For some people, just the smell of freshly-brewing coffee acts as alarm clock, but I begin to stir at the sound of the click-hiss of a can of Diet Coke opening. Cool and sharp, it awakens me with its flavor and fizz, perking up my morning with its effervescence. I guzzle it, savoring the muted tang of artificial sweeteners, relishing the spiky carbonation still popping in my belly. Then I sit back, feeling almost instantly full. This is why Diet Coke belongs on breakfast menus and should be enjoyed without shame or commentary from anyone else.
Growing up with health-conscious parents (“Orange juice is orange death,” my father said, warning us away from the sugar), in a house whose fridge boasted the dual emblems of ‘80s nutrition, skim milk and margarine, diet soda was a rare treat. But we lived in a city and I navigated an urban landscape to get to middle school. While the cool kids snuck into the then-shiny and brand new Starbucks, I crossed the street to the dingy mini-mart, first picking up a single can of Diet Dr. Pepper on occasional mornings (my gateway drug, sweeter and milder), then a daily Diet Coke, until finally I simply went in for a 12-pack, keeping the carton in my locker for easy access.
It was the ‘90s, and school vending machines still sold Cheetos and soda outside the gym and the cafeteria offered pan pizza and French fries to anyone afraid of the turkey tetrazzini. The war on childhood obesity hadn’t yet begun to weaponize, so while I don’t remember anyone else indulging in a breakfast soda, nobody was aghast at my pre-teen habit. It did, however, draw some funny looks—then, now, and every time.
On planes, in 8 a.m. work meetings, or at a diner, I eased my way into tough mornings with a can in hand, enduring impressively judgmental glances from people gripping a coffee cup as if their heart would stop beating were they to let go. But coffee, somehow, held the reputation of acceptable calorie-free caffeine source, while Diet Coke drew scorn. Even when the alternative was free motel sludge, salvaged only with endless sugar packets and dubious milk, my breakfast Diet Coke took the heat. It was infantile, unhealthful, and perhaps even uncouth. Derision abounded, from the college cafeteria where the soda streamed from fountain machines in oversized paper cups to my food writer co-workers, who somehow were willing to compromise their coffee standards to instant versions if things got desperate. But God forbid I enjoy my morning Diet Coke.
And so I tried to quit. Sometimes for a year at a time, I’d ignore the gleaming cans and the cascading bubbles at the soda fountain. For the most part, good coffee and some sparkling water would get me through the day. In my head, I replayed the warnings of friends about how it would cause cancer, and I resisted the urge to open a can just to hear the carbonation rush out.
While I came about my habit on my own, soda for breakfast has a history much older than me. Generations of Southerners have grown up knowing the fizzy secret to jump-starting the day didn’t come from a coffeepot. A 2002 New York Times story attributed Coke’s popularity in the morning to the rural nature of the South, noting that farmers could grab a bottle quickly on the way into the field. But by then, the Coca-Cola company had already taken the early-hours promotion of its signature product into its own hands; in 1988, it launched a “Coke in the Morning” campaign. By 2007, NPD Research Group showed that 15.1 percent of consumers eating breakfast outside the home drank soda with their meal—almost double when the campaign began (and 1.7 percent of breakfasts, total). The same year, an ad for Diet Coke depicted the can wearing a coffee sleeve, with the caption “Good Morning.”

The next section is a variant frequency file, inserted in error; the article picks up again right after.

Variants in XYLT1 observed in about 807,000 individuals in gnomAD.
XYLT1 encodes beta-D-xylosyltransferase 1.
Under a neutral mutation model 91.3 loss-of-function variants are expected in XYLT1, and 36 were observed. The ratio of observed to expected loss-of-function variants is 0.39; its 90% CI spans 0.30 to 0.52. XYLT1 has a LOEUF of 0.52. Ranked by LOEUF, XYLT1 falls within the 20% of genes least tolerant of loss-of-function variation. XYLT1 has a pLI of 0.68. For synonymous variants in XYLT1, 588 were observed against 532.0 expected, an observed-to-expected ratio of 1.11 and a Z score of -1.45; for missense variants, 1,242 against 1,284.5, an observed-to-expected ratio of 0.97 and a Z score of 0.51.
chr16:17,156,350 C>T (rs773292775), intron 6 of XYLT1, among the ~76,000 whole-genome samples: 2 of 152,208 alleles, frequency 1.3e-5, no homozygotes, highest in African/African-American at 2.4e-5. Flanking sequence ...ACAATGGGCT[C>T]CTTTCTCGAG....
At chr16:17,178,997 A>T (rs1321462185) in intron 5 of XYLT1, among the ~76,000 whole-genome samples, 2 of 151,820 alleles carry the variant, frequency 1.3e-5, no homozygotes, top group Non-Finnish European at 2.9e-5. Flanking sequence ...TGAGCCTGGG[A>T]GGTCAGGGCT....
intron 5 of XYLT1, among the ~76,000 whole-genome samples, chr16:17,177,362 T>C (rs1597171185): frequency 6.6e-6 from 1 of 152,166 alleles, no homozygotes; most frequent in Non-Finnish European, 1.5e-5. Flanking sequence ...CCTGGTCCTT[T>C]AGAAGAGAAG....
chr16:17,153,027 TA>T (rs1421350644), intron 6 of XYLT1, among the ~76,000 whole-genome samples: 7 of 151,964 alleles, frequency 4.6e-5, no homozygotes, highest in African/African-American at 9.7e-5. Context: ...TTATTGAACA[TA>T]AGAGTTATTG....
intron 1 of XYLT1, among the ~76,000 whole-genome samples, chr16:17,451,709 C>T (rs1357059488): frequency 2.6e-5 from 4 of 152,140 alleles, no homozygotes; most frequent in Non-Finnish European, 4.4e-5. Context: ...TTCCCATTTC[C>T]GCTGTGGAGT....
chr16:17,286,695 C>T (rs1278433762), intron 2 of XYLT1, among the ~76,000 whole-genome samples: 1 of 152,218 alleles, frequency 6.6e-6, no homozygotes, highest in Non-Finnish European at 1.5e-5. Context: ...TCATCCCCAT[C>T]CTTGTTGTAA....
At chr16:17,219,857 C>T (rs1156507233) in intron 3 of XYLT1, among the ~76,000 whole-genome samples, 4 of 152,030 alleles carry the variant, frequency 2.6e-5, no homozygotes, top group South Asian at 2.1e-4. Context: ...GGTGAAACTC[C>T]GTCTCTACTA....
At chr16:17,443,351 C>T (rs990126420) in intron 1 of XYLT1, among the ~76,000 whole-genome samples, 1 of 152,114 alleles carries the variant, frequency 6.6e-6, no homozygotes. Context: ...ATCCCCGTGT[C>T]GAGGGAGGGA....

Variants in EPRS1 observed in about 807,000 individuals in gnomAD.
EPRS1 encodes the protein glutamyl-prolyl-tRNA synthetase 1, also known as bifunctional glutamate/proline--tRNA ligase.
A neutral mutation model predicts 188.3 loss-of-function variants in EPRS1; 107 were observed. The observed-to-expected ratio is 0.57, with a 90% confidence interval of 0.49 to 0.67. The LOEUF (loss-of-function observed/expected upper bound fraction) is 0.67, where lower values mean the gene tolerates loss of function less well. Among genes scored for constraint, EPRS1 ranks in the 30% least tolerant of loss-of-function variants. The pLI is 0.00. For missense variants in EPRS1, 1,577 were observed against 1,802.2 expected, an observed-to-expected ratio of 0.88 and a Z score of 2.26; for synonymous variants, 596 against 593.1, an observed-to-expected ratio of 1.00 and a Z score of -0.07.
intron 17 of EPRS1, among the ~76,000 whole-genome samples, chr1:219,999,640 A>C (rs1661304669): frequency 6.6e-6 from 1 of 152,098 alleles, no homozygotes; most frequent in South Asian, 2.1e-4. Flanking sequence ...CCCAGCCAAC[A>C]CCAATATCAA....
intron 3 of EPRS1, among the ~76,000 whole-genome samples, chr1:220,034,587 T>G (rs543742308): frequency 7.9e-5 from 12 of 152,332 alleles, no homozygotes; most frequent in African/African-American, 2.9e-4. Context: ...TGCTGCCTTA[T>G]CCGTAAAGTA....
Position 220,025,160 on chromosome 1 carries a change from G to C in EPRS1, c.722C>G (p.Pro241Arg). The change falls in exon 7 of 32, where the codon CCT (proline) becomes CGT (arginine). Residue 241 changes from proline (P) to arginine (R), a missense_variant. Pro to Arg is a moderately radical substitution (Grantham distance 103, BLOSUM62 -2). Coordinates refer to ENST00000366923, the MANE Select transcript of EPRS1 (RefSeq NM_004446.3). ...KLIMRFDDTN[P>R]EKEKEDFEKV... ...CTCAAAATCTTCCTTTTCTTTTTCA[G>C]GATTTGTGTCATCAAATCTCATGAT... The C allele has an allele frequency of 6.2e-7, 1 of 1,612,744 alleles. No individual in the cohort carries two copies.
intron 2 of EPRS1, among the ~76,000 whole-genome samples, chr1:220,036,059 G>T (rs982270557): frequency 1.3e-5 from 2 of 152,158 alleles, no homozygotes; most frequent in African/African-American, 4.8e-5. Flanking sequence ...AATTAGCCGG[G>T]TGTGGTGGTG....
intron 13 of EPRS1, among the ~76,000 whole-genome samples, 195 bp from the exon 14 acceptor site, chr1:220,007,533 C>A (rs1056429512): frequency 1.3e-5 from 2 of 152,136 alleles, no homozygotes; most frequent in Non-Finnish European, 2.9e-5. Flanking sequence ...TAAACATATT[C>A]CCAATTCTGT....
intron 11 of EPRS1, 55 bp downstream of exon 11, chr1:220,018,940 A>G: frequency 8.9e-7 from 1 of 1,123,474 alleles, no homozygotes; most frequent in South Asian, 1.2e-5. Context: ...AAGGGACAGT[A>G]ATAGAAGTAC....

I’m hardly the only one for whom this ad depicted daily routine: more than one-third of the morning soda drinkers identified drank diet. Alex Trebek, host of Jeopardy!, admitted on The Howard Stern Show to eating a Milky Way and drinking a Diet Coke for breakfast, while former Presidential George Pataki called his breakfast Diet Coke a “guilty pleasure.” On the culinary side, esteemed food writer and Serious Eats founder Ed Levine prefaced admitting to Diet Coke as part of his breakfast with “What I’m about to tell you may be horrifying.” Even I, for many years, trained myself to think of my daily breakfast soda as gasp-inducing and shameful.
But two years ago, pregnant and exhausted as I worked a full-time job and built a freelance career on the side, I hit a wall with coffee. The caffeine in my morning cup—my doctor-recommended limit for the day—would keep me awake only until about 1 p.m. Perhaps somewhere in this world, a person exists who can stop at half a cup and drink the rest later, but I am not she. I needed a morning drink with less caffeine, so I could have another in the afternoon, maybe a third, even. I needed a drink whose brisk freshness worked in tandem with the stimulant to wake me up. And like that, I was back in the cool, aluminum grasp of Diet Coke, this time with pride: I was doing it for the health of my baby.
Naomi Tomky is a Seattle-based writer who wants to make sure the world knows that Diet Coke and Coca Light are not the same thing.